Advantages and Typical Uses

• Operates from low — to high-volume flow rates.

• The actual pressure range of some vane axials is similar to high­efficiency backward-curved centrifugal fans. By fitting the fans in series, the operating pressure can be increased.

• Compact, low-space environment and low weight per unit volume handled make it second only to the propeller fan.

• Applications include comfort, dilution, man cooling, paint-spray-booth extract, etc.

Dis ad vantages/Limitations

• Inherently higher sound levels than most efficient centrifugal fans for the same duty

• Unsuitable in abrasive or corrosive atmospheres

• Problems in protecting bearings

• Unsuitable for flammable and explosive gases and vapors unless a bifurcated fan is used

• Fan curve problems with damper closing

Centrifugal Fan

This is the most common type of fan encountered in industrial ventilation systems. These fans are similar to a water wheel, with blades mounted on

Back plates. The impeller is positioned in a volute or scroll casing. The air en­ters with the line of the driving shaft through the eye and discharges at 90° to the entering air.

The centrifugal fan may have one of four impeller designs.

1. Airfoil

2. Backward inclined-backward curved

3. Radial (paddle)

4. Forward curved

Airfoil, Backward Curved

These low-cost fans are of simple construction and have static efficiencies up to 80%.

This fan design is capable of the highest efficiency with the lowest sound level of all the centrifugal fans for a given duty, particularly those with airfoil­shaped double blades.

They are normally fitted with 10-12 blades, the blade tips inclined away from the angle of rotation. They have the advantage of being very efficient, with fan static efficiencies in excess of 80% for airfoil blades. This type of fan has a nonoverloading characteristic curve.

Advantages and Typical Use

• Handles moderate to high airflow rates

• Static pressure up to the 7.5 kPa range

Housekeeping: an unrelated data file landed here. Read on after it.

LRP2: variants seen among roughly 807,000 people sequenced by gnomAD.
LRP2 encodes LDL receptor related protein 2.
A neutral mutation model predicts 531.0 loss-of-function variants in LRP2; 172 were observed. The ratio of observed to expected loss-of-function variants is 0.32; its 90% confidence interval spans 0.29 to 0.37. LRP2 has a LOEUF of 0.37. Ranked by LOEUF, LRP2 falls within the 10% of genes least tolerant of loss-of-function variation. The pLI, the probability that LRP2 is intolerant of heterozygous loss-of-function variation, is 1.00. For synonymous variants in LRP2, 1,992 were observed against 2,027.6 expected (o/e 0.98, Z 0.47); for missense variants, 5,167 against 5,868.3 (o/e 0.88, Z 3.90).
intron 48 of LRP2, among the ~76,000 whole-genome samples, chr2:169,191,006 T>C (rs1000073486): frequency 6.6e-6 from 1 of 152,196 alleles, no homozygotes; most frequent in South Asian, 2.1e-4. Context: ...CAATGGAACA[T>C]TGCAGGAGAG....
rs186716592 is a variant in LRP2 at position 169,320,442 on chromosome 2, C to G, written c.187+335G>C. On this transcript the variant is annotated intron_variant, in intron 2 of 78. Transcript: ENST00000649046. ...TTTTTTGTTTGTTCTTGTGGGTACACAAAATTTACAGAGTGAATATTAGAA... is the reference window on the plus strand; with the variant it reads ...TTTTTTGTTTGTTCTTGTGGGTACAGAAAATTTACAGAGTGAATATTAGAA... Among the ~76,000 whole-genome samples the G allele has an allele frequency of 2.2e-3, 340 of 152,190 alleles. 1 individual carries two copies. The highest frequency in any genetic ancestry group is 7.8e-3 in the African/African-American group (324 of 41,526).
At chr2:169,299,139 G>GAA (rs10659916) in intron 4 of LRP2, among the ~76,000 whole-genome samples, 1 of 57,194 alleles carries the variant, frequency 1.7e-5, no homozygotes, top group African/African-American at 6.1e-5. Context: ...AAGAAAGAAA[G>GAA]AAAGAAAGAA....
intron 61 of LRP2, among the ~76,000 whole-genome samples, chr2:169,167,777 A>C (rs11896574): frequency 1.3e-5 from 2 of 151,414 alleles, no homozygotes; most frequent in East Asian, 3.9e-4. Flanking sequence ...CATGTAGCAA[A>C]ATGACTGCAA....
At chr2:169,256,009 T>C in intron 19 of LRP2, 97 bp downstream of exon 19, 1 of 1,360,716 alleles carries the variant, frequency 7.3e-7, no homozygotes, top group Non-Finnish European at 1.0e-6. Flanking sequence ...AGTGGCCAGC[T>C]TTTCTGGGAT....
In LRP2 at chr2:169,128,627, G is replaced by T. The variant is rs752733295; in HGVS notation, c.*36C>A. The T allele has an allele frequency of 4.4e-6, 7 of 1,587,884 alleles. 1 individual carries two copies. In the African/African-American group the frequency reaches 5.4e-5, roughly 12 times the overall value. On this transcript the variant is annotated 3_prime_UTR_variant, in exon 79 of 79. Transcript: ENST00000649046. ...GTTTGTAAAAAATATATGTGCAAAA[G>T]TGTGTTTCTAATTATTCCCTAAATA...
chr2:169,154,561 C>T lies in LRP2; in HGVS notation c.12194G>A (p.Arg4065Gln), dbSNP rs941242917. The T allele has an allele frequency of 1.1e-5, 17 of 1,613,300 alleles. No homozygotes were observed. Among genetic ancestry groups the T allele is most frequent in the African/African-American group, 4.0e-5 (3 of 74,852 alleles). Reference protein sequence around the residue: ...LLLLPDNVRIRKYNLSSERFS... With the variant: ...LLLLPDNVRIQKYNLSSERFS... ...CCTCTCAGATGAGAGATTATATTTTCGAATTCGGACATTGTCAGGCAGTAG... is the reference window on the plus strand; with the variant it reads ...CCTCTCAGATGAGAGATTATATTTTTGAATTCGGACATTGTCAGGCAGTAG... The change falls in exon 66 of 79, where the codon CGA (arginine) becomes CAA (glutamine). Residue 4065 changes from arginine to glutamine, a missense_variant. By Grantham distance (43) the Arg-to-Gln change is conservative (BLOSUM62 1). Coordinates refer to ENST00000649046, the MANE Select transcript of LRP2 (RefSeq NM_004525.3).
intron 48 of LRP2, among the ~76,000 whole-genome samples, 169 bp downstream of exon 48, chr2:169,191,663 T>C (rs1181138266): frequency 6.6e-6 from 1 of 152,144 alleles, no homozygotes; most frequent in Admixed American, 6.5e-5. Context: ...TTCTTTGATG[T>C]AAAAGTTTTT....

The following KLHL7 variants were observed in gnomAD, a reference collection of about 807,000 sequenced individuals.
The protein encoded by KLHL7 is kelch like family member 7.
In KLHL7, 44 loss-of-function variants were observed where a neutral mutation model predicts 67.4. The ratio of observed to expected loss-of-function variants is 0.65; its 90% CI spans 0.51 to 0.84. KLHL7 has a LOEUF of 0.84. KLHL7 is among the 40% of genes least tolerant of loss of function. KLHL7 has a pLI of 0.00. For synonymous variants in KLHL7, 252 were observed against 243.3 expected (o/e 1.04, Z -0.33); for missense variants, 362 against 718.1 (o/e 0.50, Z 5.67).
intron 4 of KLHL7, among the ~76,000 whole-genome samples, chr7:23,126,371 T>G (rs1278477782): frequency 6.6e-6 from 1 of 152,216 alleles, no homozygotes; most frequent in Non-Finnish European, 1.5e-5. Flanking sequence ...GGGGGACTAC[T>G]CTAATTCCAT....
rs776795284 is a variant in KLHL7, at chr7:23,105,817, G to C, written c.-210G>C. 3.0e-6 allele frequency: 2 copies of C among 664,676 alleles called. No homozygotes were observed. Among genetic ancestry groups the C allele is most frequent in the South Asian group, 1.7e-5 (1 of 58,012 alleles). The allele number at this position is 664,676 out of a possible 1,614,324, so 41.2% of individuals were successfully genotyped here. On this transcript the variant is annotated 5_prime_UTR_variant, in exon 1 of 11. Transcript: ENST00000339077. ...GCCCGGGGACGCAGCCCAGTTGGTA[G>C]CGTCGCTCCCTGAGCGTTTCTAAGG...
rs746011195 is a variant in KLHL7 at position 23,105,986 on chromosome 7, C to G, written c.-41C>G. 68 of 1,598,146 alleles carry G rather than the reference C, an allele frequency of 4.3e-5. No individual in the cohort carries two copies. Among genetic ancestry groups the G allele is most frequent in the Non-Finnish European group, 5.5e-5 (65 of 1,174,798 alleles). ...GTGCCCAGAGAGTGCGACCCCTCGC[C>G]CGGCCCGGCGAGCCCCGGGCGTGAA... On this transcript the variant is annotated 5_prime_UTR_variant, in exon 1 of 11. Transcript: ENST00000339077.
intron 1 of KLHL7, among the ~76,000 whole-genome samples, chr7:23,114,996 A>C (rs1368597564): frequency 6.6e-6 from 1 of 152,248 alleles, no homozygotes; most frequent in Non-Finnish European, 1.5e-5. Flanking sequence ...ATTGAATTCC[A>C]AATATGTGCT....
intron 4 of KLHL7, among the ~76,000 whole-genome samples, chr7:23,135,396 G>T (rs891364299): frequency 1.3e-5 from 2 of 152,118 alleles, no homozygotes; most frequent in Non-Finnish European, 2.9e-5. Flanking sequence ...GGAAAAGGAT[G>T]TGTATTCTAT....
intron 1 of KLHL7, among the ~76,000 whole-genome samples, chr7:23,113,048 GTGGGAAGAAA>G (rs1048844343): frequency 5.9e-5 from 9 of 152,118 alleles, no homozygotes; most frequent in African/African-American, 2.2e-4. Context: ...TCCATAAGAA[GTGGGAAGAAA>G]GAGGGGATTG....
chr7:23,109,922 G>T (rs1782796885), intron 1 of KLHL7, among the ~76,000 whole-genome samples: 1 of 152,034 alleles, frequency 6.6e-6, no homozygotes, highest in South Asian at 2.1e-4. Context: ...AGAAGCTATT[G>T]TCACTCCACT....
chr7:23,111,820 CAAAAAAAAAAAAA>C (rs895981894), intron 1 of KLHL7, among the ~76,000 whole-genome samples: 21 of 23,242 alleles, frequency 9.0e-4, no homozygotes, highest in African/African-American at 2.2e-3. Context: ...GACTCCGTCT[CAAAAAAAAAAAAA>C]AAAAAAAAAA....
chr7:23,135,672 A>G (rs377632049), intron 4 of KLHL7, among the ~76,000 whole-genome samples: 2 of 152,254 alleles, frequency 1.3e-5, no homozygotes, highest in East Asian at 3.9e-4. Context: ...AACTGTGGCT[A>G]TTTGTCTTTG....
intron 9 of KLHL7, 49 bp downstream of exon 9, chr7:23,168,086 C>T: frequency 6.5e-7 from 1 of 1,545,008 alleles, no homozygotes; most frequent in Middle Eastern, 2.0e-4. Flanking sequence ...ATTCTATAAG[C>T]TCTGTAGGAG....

• Highest efficiency of any fan type

• Lowest noise level of any fan type for a given duty

• Self-limiting power characteristics, nonoverloading characteristic

• Variable air volume systems

Dis ad vantages/Limitations

• For equal pressure and volume, axial fans’ weight and size are greater for the backward-curved fan

• Unsuitable for high dust loading, due to particulate buildup on the impeller causing imbalance and vibration

• Wheels are difficult to clean and paint

Radial Blade, Straight Paddle Blade

This fan group, sometimes referred to as industrial exhaust fans’, is char­acterized by its simple, rugged construction.

They may or may not have flat, radial blades. The wheel configuration may be from simple paddle blades to the semi-open and enclosed types. They may be belt or direct driven.

Advantages and Typical Use

• Ease of maintenance and cleaning

• Ease of repair due to simple construction

• Can handle any type of gas or dust

• Used for pneumatic conveying

• Suitable for high-temperature operation

• Suitable for corrosive and abrasive material if correctly designed


• Lowest efficiency of all centrifugal fans.

• Highest sound level of all centrifugal fans for a given duty.

• Shaft power increases as the fan approaches the maximum volume.

Forward-Curved Blade, Centrifugal

These are made up of a large number of wide, shallow blades with a very large inlet area relative to the wheel diameter. For equal duty the speeds are lower than other centrifugal fans. They are sometimes called multivane; the operating efficiencies are in the 65-75% range. They consist of a large number of relatively small blades mounted on the impeller. The blade tips are inclined toward the direction of rotation. The actual flow rate can be 2.5 times as high as the same size backward-curved fan.

Advantages and Typical Uses

• Ideal for any volume at low to medium static pressures.

• Due to low speeds they are quiet in operation.

• The space and weight requirements are about the same as backward — inclined blade fans.


• Lower efficiency than backward-curved fan.

• Greater space requirement for a given duty than an axial flow fan.

• Unsuitable for high dust loading.

• Shaft power increases as fan approaches maximum volume, unlike the backward-curved fan, where it decreases.

The types of fans are given in Fig. 9.32.

As the gas density handled by a fan is relatively constant, the pressure in­crease is small, and the pressure ratio is less than 1.1.